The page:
Mark Kennedy.

Mark Kennedy. (Photo by Glenn Asakawa/University of Colorado)

This month marks one year since I assumed the presidency of the University of Colorado — an eventful year, to be sure. Nine months in, COVID-19 struck. Coincidentally, nine months into my career as a U.S. congressman, the 9/11 attacks happened. Experience has taught me that effective leadership in times of crisis requires promptly responding to the pressing demands of the moment while keeping a keen eye fixed on the actions necessary for post-crisis success. Working in partnership with the Board of Regents, faculty, staff, alumni, donors and Coloradans, CU must continue forward with a proactive, future-focused approach.

As the state’s flagship university and one of its largest employers, CU is tightly woven into the fabric of Colorado and has been since 1876. We are committed to making meaningful contributions to the quality of life — and the quality of our workforce — across the state and beyond.

Given our intellectual capacity, research, innovation and educational offerings, CU is poised to play a pivotal role in developing practical solutions for the challenges and opportunities ahead.

Since the start of the pandemic, CU has made significant contributions to the state’s battle against the virus. Experts on our campuses have offered critical guidance to Gov. Jared Polis and his team in developing protocols for Colorado, while adding to the arsenal being used to fight it. Our researchers have developed antibody tests and a saliva-based COVID test. We are helping to advance therapeutics and the search for a vaccine.

Even before the full force of the pandemic revealed itself, however, we pivoted quickly to remote teaching and work to ensure the health and safety of our students, faculty and staff. We then moved from triage to stabilization by planning how to safely open our campuses this fall while unifying higher education leaders statewide to address the fiscal fallout.

Certainly, pandemic-induced economic realities pose significant challenges. But in the face of uncertain enrollment numbers and substantial budget and funding reductions, I see opportunities for transformation in key areas. Since day one of my presidency, I recognized the urgency of defining our strategic priorities, accelerating our online offerings and enhancing our technological capabilities.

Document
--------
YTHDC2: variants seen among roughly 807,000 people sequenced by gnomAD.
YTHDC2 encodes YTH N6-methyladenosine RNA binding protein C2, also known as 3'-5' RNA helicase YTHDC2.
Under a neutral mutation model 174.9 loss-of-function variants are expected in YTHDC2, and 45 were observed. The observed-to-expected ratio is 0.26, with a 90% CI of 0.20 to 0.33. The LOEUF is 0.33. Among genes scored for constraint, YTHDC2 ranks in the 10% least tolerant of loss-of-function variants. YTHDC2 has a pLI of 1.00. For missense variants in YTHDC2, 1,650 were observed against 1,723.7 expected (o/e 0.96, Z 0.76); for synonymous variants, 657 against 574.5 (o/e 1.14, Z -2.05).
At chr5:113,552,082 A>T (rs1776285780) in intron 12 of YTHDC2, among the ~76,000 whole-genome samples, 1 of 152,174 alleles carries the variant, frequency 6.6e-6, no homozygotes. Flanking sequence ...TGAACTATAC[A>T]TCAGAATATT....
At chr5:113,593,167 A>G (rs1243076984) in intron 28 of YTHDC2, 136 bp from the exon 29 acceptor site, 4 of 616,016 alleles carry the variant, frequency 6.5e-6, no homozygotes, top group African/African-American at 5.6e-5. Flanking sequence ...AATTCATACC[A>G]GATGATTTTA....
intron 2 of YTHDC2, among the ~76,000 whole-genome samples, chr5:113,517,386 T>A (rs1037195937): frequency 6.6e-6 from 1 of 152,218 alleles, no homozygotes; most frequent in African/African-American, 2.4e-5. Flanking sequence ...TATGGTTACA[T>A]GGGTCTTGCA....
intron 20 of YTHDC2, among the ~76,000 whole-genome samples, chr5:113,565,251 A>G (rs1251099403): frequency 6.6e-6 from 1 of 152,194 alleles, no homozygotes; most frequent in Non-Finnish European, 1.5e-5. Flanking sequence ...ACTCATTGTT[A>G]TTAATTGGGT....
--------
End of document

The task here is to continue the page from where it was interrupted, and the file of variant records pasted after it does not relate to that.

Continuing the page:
We began work on them last fall, and our future success hinges on continued advancement and investment in them. CU must meet the ever-changing lifestyles and learning styles of our students and the demands of our digitized society with robust online and on-campus portfolios and the technology to deliver both seamlessly.

Another opportunity for transformation lies in our work to foster diversity, inclusion, equity and access. These principles have long been at the core of how we meet our educational mission, but as events related to racial justice continue to unfold across the nation and on our campuses, we can do more. We have a special obligation as an institution of higher education to confront racism and inequality. This work will strengthen our university and help ensure equitable access to a quality higher education and a positive student experience for all — fundamental steps toward a more just society.

Also central to our mission are discovery, innovation and an entrepreneurial spirit. As the nation’s 10th most prolific public research university — and 20th in a global ranking of universities granted U.S. utility patents — CU continues to improve lives and advance society in Colorado and beyond.

Maintaining our competitive edge as a university and a nation is directly tied to protecting our intellectual property and creative solutions. With rigorous cybersecurity programming like that at UCCS, and initiatives that harness the collective expertise of all four CU campuses, including a new National Security Advisory Group, CU is an increasingly important contributor to the nation’s current and future space and security efforts.

Undeniably, this is a watershed moment. CU is committed to continued transformation so we emerge from the pandemic as an even more meaningful contributor to the future success of our graduates, the Pikes Peak region, our state and nation.

Mark Kennedy is president of the University of Colorado.

Mark Kennedy is president of the University of Colorado.

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